One Night in Miami
The setup of Regina King’s directorial debut, One Night in Miami seems like a dramatic concoction. In one sense it is, as it is adapted from Kemp Powers’ play about about a meeting between Malcolm X, Cassius Clay (the soon to be Muhammad Ali), American football star Jim Brown and Sam Cooke. But the summit at Florida’s Hampton House hotel really did happen.
The majority of the movie focuses on the quartet’s strangely muted post-fight celebrations, as all eschew Miami’s parties hailing Clay as the new champion for a night of discussion about race, as well as their own place in the world and the future. Cooke (Hamilton’s Leslie Odom Jr) and Brown’s (Aldis Hodge) focus on their own careers is set in contrast with Malcolm (Kingsley Ben-Adir) and Clay’s (Eli Goree) desire to win over new converts to Islam and black liberation. What follows is a fascinating rumination on the struggle for civil rights, as well as stars’ personal political responsibilities, that feels as relevant today as it would have in 1964.
Although Powers’ script depicts the four men as icons, merely hinting at real-life human frailties, outstanding performances from the cast make each character three-dimensional. It would have been easy for viewers to feel like they were on a magical history tour, with contrived conversations foreshadowing events they know will happen in the future, but the actors manage to embody each man without impersonating them. It makes one feel like a fly on the wall during a real meeting of minds, rather than one constructed to reflect 2020’s debates about civil rights and the power and responsibilities that come with fame.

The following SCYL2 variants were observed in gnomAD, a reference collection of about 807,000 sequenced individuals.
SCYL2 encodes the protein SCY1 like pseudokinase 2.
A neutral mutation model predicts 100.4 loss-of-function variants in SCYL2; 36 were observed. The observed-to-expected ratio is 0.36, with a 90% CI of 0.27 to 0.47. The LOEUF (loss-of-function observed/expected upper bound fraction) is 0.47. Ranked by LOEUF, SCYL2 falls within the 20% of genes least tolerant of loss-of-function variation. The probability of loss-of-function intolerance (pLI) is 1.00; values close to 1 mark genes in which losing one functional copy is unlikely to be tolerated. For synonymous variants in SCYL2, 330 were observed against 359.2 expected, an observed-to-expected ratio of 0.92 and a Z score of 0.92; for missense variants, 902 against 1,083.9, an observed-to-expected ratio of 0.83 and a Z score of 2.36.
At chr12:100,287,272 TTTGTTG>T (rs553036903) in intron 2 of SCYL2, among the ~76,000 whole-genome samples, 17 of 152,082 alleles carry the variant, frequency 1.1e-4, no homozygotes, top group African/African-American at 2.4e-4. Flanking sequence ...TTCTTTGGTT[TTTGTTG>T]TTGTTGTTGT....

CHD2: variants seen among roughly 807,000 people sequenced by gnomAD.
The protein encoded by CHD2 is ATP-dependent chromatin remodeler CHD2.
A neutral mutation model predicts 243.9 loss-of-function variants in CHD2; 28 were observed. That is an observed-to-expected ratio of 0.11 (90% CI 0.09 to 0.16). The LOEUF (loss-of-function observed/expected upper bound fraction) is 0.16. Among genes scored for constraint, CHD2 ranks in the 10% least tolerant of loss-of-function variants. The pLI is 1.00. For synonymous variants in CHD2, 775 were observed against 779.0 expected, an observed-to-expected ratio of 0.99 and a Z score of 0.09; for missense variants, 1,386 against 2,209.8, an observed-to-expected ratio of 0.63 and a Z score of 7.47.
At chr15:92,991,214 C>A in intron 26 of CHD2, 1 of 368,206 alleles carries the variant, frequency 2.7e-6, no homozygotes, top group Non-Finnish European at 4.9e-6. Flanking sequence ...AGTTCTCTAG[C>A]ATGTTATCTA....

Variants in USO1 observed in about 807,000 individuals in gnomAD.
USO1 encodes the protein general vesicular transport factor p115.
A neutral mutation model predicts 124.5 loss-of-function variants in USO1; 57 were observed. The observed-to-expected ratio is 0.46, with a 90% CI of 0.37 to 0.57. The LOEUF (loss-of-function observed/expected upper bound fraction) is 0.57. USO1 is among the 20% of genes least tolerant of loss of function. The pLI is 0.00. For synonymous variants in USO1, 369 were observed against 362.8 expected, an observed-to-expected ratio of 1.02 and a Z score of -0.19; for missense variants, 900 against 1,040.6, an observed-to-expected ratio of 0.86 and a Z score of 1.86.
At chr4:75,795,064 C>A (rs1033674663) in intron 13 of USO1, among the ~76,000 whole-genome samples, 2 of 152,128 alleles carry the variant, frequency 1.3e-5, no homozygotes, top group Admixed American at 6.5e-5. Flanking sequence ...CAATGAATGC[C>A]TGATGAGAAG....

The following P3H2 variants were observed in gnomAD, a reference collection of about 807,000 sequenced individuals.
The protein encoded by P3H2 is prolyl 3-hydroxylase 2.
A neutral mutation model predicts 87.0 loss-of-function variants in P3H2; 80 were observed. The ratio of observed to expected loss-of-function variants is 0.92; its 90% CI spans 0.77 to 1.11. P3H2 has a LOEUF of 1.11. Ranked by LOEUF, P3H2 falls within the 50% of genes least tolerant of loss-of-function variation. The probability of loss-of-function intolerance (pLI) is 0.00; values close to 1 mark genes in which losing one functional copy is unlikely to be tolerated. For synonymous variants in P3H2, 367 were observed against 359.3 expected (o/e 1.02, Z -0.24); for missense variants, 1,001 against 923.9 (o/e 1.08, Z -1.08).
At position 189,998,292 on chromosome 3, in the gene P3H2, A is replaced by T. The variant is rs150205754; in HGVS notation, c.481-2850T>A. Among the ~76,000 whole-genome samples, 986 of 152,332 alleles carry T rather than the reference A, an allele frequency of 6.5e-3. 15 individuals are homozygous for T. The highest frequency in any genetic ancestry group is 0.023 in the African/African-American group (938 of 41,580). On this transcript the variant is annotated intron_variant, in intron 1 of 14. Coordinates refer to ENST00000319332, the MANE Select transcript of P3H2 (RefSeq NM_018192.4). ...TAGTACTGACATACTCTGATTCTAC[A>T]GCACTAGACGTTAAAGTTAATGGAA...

Credit for this should also go to King for what is an astonishingly bold choice for a directorial debut. It’s all the more so because she’s understood the need to allow the material to breathe with an understated style. The action rarely leaves the modestly furnished hotel room except for visually striking moments that frame the story at its beginning and end that are well chosen to show just who these men are, what they represent, and the obstacles and difficulties they face.
The result is a film that is laden with historical and contemporary resonance, but not weighed down by it – one where the majority of conversational scenes float by, but whose dramatic moments still sting like Ali’s proverbial bee.
One Night in Miami is released digitally on demand on Amazon Prime on 15th January 2021.
Watch the trailer for One Night in Miami here: